You’ve emphasized that patients and families are the first and main concern. What does that mean in practice? How do you reinforce that?
We start every meeting of our physician and chemotherapy staff with a patient story, one that gives us insight into the patient experience. We also have a patient join us. When we end, I remind the group that the only reason we have meetings is to improve the care we deliver to patients.
What’s the satisfaction of serving a smaller, more remote and vast community?
We serve a geographic area larger than France, with about 270,000 people scattered across. The rewards are clear: helping to provide care to people who need to have specialized services. There’s a richness to practicing here. Beyond the medicine piece, it’s an idea that in the north we all need each other. To me as a physician and a leader, the focus is on trying to bring as many services to the north so patients can remain as close to their communities as possible.
That includes a regional outreach program, which you lead, where rural patients receive chemotherapy in their home community. How has that worked?
We’ve trained and supervise 11 regional chemotherapy sites. All the nurses have the same training as the nurses here in Thunder Bay. We share an electronic medical record, and can communicate in real time. I approve chemotherapy orders as if the patients were here, and physicians in the community are available for any acute issues.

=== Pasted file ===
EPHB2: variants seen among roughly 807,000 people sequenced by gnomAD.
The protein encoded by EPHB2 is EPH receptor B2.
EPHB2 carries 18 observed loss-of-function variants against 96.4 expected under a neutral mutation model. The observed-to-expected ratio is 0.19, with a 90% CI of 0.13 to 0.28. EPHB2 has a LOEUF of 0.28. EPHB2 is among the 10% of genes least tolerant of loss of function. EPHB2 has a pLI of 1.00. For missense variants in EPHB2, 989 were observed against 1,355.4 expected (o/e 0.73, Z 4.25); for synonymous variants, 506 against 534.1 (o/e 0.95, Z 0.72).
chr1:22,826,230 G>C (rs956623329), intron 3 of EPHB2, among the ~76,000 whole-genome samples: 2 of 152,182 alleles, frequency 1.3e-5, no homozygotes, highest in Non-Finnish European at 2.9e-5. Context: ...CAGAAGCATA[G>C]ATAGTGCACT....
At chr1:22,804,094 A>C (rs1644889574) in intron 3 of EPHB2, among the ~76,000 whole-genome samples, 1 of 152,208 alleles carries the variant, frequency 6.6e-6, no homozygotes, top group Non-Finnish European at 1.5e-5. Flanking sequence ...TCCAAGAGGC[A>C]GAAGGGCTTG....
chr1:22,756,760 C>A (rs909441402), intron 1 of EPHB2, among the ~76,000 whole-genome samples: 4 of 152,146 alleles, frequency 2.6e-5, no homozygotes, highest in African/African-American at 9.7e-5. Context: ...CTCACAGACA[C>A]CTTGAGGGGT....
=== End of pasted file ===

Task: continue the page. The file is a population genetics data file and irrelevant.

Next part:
You’re also the driving force in creating the Complex Malignant Hematology clinic, which allows for outpatient hematology chemotherapy delivery. What kind of impact has that had?
It’s part of the process of sustaining complex care in a small community, so patients can have specialized attention. They have diseases that need close monitoring. The clinic helps people to be out of hospital more. It has opened up this whole circle of care, from diagnosis to transplant, if they need one, to the home community.
What drew you to become so involved in the Canadian Hematology Society, now as president?
I thought it was important to have the voice of a clinical hematologist from a more isolated region. Sometimes in speciality medicine, it can seem like if you don’t stay in larger centres, there’s less legitimacy.
You’ve taken many courses on leadership. What are the most important traits of a leader in medicine?
Putting the patient in the centre of the conversation. All of us come to work to have the very best outcomes for our patients. If we can keep that at the core, we’re going to be on the right path. I’ve always felt that empathy is an important value. That has been a good compass for me.
How has that evolved over your career?
When someone has a new diagnosis, and they’re most frightened, the most important thing I can do is have a moment to let them know that we’re going to look after them.
What impact do you want to have for patients?
We want people to have an experience where they feel cared for and valued, that the whole team is doing their very best. When people feel that, regardless of the outcomes, they can be assured they have best possible chance and best possible care.
Dr. Laferriere’s acceptance remarks
On September 11, 2020, the CPSO Council Award was presented to Dr. Nicole Laferriere, an oncologist from Thunder Bay, Ontario, at the College’s meeting of Council. The following were her remarks upon receiving the award.